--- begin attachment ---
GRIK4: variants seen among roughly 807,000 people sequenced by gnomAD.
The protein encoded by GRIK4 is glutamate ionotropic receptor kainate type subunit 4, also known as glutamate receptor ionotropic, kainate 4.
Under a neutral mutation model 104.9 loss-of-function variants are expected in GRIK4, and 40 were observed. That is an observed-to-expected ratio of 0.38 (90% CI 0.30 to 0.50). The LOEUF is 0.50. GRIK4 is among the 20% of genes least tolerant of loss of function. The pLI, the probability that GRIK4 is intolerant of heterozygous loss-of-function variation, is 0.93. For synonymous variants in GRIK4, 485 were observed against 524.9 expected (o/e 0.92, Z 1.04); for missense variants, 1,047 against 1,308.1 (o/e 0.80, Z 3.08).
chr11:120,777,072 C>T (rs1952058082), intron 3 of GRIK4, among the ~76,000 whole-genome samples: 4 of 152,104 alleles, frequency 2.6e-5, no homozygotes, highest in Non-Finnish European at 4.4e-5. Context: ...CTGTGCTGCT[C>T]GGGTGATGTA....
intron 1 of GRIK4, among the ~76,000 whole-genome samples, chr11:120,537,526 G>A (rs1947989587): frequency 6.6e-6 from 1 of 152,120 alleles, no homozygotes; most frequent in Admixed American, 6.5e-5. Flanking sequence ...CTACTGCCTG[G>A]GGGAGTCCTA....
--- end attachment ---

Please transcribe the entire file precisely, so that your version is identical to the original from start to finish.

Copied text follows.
GRIK4: variants seen among roughly 807,000 people sequenced by gnomAD.
The protein encoded by GRIK4 is glutamate ionotropic receptor kainate type subunit 4, also known as glutamate receptor ionotropic, kainate 4.
Under a neutral mutation model 104.9 loss-of-function variants are expected in GRIK4, and 40 were observed. That is an observed-to-expected ratio of 0.38 (90% CI 0.30 to 0.50). The LOEUF is 0.50. GRIK4 is among the 20% of genes least tolerant of loss of function. The pLI, the probability that GRIK4 is intolerant of heterozygous loss-of-function variation, is 0.93. For synonymous variants in GRIK4, 485 were observed against 524.9 expected (o/e 0.92, Z 1.04); for missense variants, 1,047 against 1,308.1 (o/e 0.80, Z 3.08).
chr11:120,777,072 C>T (rs1952058082), intron 3 of GRIK4, among the ~76,000 whole-genome samples: 4 of 152,104 alleles, frequency 2.6e-5, no homozygotes, highest in Non-Finnish European at 4.4e-5. Context: ...CTGTGCTGCT[C>T]GGGTGATGTA....
intron 1 of GRIK4, among the ~76,000 whole-genome samples, chr11:120,537,526 G>A (rs1947989587): frequency 6.6e-6 from 1 of 152,120 alleles, no homozygotes; most frequent in Admixed American, 6.5e-5. Flanking sequence ...CTACTGCCTG[G>A]GGGAGTCCTA....